2013 Philadelphia Rising Star Chef Chris Kearse of Will
1911 East Passyunk Avenue
Philadelphia, PA 19148
Like many chefs of his generation, Christopher Kearse fell in love with food watching the Food Network and discovering the culinary world beyond his suburban upbringing. Unlike his peers, Kearse watched food television while confined to a hospital bed in his home. After a drunk-driving accident left 16-year-old Kearse with severe damage to his face—even robbing his ability to eat solid foods—he poured his energy into the kitchen, devouring cookbooks and making meals for his family six nights a week.
At 18, Kearse left home to attend the Restaurant School at Walnut Hill College, through which he set up stages at wd~50 and Café Gray in New York City and London’s Gordon Ramsay and St. John. After graduating as class valedictorian, Kearse mailed letters to 10 of America’s greatest chefs, hoping to secure challenging jobs. He went first to The French Laundry for a two-month stage, followed by a short stint at Charlie Trotter’s as poissonier. Staying rooted in Chicago, Kearse worked for a year and a half under Chef Laurent Gras at Tru—topped off by weekend stages at Grant Achatz’s Alinea.
Ultimately, Kearse wanted to open his own restaurant, and he knew Philadelphia would be the market to make his break. Returning in 2008, Kearse worked at fine-dining Lacroix before moving to under-the-radar Pumpkin, where he began to hone his personal style. In August 2012, Kearse opened Will, a small BYOB with big ambition and beautiful food. The restaurant is a personal testament to Kearse’s own will and the fruits of his boundless determination and creativity.
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Interview with 2013 Philadelphia Rising Star Chef Christopher Kearse
Caroline Hatchett: What inspired you to pursue cooking professionally?
Chris Kearse: I always liked [cooking] and helped my grandma. I watched “Great Chefs” on PBS. And when I was in a car accident at 15, I had to be home schooled. I was in and out of hospitals and in the house for two years. I started watching the Food Network and helping my parents with dinner. I worked in restaurants, and got good at it. I went to restaurant school and graduated when I was 20.
After graduation, I sent 10 letters to 10 chefs over and over until they called me, [including] Thomas Keller, Daniel Boulud, and Charlie Trotter. Some places I stayed two days, some two weeks, or two years.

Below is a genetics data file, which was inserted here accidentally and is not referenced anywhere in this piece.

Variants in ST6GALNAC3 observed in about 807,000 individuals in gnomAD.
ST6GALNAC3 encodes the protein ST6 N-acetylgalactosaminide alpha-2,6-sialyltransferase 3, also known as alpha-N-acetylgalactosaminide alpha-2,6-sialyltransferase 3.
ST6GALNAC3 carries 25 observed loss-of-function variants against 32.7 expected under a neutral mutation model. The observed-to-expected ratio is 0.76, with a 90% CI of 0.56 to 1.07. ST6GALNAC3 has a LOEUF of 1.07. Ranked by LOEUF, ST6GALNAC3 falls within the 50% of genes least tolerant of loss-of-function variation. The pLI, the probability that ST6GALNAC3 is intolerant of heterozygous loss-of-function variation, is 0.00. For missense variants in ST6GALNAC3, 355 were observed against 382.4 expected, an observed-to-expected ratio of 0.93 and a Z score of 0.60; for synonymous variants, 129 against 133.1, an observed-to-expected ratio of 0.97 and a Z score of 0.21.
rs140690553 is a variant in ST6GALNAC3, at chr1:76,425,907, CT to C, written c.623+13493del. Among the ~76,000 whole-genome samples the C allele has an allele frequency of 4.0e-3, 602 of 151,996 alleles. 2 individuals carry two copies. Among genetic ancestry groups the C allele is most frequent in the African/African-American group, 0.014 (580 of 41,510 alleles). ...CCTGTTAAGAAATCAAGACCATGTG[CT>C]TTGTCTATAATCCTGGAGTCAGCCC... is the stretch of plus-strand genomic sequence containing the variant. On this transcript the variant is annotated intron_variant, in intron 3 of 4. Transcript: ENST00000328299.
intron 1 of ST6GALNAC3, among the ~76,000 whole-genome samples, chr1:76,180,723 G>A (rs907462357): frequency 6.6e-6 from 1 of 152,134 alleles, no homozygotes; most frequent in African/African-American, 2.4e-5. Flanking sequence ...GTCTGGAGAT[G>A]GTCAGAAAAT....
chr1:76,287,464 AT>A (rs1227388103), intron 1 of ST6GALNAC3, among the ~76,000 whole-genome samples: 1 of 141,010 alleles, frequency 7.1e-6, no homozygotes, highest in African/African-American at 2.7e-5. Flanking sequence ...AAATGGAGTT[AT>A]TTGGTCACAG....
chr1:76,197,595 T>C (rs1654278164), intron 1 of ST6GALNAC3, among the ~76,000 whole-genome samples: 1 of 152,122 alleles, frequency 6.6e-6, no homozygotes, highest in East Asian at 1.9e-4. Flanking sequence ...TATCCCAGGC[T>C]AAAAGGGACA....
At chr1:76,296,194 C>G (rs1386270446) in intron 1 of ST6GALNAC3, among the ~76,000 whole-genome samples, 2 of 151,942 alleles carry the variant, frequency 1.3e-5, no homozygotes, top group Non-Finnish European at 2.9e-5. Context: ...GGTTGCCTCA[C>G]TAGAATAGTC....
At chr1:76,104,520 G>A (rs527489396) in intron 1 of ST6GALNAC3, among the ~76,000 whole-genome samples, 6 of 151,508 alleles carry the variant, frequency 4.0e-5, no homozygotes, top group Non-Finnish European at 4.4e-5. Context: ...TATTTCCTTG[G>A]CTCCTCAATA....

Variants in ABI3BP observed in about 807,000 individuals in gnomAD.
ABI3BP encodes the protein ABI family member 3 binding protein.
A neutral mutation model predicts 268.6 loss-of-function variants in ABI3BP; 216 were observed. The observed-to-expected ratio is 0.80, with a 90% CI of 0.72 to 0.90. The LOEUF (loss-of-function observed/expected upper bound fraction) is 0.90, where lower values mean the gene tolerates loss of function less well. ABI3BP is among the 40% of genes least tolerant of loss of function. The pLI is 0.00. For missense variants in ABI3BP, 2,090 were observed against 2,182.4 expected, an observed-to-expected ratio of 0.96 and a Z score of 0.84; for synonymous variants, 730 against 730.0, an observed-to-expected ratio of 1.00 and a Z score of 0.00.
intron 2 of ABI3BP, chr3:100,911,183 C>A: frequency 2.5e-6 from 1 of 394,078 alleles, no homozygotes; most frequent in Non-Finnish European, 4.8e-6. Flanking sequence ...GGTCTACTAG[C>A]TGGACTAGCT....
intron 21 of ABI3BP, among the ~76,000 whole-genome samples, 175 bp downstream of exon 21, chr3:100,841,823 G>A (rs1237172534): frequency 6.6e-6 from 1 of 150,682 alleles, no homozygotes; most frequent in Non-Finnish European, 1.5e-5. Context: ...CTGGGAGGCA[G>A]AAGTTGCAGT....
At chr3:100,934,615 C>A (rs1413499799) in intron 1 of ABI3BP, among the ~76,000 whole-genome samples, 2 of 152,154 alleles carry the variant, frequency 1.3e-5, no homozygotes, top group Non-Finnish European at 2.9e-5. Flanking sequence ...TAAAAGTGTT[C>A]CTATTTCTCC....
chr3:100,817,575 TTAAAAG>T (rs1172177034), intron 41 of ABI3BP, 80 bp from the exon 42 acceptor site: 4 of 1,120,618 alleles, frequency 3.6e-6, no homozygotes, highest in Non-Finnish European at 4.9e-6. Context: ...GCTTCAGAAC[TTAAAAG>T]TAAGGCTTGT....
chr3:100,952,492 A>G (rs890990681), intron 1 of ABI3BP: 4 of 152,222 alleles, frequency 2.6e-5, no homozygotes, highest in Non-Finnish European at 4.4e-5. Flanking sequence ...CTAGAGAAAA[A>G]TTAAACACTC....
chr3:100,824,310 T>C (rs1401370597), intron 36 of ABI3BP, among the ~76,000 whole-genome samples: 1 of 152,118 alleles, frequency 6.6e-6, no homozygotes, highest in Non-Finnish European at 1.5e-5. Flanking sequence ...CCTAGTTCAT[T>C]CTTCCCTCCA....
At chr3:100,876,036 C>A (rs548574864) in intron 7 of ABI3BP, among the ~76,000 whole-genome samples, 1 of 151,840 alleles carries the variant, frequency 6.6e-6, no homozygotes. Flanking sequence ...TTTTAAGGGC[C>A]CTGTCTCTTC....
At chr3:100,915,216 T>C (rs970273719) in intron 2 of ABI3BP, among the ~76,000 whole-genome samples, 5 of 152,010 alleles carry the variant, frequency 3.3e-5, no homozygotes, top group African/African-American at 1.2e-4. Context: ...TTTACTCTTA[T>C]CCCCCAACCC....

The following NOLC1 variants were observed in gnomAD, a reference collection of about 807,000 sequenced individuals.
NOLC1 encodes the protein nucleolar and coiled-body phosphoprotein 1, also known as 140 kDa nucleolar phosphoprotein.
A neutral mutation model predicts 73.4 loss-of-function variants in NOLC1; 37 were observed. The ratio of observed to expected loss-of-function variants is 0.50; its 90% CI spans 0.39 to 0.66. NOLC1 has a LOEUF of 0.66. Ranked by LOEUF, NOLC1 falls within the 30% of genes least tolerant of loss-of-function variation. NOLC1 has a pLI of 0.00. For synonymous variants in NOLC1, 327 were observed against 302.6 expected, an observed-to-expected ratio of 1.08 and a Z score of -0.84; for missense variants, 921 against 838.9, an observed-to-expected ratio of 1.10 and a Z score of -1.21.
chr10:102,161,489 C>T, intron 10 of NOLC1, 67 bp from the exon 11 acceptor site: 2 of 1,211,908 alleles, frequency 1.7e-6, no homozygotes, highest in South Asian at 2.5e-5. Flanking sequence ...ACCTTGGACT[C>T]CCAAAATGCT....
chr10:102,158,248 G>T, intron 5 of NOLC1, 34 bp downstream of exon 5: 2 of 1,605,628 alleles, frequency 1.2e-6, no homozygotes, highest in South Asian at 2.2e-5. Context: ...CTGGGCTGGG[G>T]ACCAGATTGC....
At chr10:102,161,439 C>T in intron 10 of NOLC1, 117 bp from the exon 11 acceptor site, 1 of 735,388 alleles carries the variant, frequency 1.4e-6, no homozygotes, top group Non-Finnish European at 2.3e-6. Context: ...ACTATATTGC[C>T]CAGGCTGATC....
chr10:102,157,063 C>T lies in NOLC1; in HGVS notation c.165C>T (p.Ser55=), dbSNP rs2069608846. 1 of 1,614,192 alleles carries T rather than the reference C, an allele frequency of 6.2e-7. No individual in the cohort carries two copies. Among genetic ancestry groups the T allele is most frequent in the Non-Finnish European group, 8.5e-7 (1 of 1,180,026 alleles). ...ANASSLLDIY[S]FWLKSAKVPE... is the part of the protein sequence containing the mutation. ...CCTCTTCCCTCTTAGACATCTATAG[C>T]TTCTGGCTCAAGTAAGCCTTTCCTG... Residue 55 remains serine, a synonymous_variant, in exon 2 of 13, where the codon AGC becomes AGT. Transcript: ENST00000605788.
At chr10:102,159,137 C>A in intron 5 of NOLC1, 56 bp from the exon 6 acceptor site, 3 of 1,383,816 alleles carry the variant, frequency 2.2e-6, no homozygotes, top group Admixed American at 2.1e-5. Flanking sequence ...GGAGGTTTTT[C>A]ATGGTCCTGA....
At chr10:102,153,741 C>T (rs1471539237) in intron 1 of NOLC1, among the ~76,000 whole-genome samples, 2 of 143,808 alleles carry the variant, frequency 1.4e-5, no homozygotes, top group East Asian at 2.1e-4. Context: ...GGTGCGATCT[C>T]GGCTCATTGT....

CH: What advice would you give to young chefs just getting started?
CK: You won't have a life for 10 years. You can have anything you want in life, but you have to sacrifice everything—your personal life, finances. Do you homework. When you’re home, read and dine out. That’s paramount. If you work 12 hours here, you then need to do your homework; go to farmers markets and talk to other chefs.
CH: Tell me about the Philadelphia culinary community.
CK: Right now, it’s my whole generation. We're a little different. Lacroix in 2003 or 2004, it was old-school with a Four Seasons-type feel. Right now, it's very communal. We're all friends and colleagues. It's a close-knit team.
CH: What is your philosophy on food and dining?
CK: Dining is an experience. On Friday or Saturday night, you don't go to clubs, you eat. You get dressed up, spend three hours here, with the service, food, and flavors. That's the whole concept here. It’s based on a French philosophy. It has to make sense.
CH: What’s the toughest challenge you have had to overcome?
CK: Staff. It took such a long time to find the right staff. The staff is almost perfect. I need people to take the job very, very seriously. We opened at 9am this morning. It's a lot of work. I’m out at 1am and here at 8am.
CH: What’s the toughest thing you’ve had to do in your career?
CK: Not seeing my family. My social life. The rest is cooking and managing people.
CH: What’s your greatest accomplishment?
CK: I couldn't eat for almost two years. I’ve overcome that. Working at the best restaurants in the country—Alinea, Tru, The French Laundry. I learned a lot about myself.
CH: Where do you see yourself in five years?CK: I want to get reviewed and get accolades, and cook at the James Beard House. I want to have fun and challenge myself. I'm cooking every day—if I had 10 restaurants, I couldn't do it. Money is money. I’ll keep doing what I'm doing and see what happens.